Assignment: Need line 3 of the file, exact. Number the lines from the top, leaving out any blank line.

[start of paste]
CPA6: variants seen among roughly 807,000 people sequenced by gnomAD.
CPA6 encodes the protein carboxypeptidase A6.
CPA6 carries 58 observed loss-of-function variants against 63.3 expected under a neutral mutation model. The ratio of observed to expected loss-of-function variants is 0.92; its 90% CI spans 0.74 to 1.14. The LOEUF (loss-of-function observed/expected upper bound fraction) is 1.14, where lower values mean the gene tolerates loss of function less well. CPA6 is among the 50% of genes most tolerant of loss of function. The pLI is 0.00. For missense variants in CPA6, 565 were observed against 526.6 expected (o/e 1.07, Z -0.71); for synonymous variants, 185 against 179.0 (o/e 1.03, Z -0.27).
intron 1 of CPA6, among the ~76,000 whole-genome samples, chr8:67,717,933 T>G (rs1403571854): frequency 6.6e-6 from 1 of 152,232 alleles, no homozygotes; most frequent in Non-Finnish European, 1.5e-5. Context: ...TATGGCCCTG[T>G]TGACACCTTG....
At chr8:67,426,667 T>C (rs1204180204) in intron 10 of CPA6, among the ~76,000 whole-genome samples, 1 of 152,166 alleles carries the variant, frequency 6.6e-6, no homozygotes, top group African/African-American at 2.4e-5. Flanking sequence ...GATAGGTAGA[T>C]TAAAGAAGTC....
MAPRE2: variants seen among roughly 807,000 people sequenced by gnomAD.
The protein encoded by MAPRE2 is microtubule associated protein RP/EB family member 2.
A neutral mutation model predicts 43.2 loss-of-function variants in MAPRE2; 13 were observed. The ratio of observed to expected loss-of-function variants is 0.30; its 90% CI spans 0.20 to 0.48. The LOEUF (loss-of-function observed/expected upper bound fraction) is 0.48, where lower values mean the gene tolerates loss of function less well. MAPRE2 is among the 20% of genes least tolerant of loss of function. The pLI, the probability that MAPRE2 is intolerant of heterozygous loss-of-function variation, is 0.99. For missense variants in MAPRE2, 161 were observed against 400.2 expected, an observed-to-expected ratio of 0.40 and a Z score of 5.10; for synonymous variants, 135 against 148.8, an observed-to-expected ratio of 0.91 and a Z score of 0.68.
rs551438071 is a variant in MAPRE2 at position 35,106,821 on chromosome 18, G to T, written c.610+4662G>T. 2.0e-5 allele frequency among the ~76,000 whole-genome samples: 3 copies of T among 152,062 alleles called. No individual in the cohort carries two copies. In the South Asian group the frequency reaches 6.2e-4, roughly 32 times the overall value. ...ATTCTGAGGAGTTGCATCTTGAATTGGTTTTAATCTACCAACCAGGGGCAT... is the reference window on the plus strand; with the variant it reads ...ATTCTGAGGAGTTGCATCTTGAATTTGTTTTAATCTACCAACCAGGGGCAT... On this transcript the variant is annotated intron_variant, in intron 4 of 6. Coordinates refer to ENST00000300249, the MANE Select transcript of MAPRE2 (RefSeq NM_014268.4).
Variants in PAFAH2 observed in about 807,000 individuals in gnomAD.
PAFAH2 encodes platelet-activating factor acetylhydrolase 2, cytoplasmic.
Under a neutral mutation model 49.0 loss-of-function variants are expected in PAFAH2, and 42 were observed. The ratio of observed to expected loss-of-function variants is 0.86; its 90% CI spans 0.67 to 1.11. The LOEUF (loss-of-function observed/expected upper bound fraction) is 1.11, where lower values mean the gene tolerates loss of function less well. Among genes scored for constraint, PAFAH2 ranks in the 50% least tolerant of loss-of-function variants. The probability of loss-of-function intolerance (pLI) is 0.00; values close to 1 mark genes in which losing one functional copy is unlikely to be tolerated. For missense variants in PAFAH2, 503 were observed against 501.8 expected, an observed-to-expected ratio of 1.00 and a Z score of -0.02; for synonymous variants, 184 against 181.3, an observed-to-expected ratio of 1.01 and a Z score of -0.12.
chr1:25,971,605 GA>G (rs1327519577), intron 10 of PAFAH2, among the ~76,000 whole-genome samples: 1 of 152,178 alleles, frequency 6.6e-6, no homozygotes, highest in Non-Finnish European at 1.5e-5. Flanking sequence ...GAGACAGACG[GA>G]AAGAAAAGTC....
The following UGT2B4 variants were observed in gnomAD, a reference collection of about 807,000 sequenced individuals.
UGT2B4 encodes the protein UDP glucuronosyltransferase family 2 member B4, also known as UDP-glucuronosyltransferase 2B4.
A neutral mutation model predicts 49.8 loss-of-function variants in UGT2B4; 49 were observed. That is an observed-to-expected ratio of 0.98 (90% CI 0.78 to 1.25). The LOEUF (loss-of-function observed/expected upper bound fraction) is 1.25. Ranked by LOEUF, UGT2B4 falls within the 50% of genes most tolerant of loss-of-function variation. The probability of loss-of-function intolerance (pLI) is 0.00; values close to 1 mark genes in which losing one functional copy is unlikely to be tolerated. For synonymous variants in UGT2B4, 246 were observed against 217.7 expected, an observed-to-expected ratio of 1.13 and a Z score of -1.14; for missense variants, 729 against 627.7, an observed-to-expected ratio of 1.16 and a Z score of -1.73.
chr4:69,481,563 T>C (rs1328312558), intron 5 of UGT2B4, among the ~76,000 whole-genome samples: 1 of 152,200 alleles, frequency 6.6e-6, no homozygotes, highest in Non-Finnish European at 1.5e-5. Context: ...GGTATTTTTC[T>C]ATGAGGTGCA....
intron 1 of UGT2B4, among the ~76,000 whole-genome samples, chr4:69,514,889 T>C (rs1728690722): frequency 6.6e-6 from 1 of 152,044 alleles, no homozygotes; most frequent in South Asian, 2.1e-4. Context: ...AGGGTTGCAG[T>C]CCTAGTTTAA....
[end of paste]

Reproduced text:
CPA6 carries 58 observed loss-of-function variants against 63.3 expected under a neutral mutation model. The ratio of observed to expected loss-of-function variants is 0.92; its 90% CI spans 0.74 to 1.14. The LOEUF (loss-of-function observed/expected upper bound fraction) is 1.14, where lower values mean the gene tolerates loss of function less well. CPA6 is among the 50% of genes most tolerant of loss of function. The pLI is 0.00. For missense variants in CPA6, 565 were observed against 526.6 expected (o/e 1.07, Z -0.71); for synonymous variants, 185 against 179.0 (o/e 1.03, Z -0.27).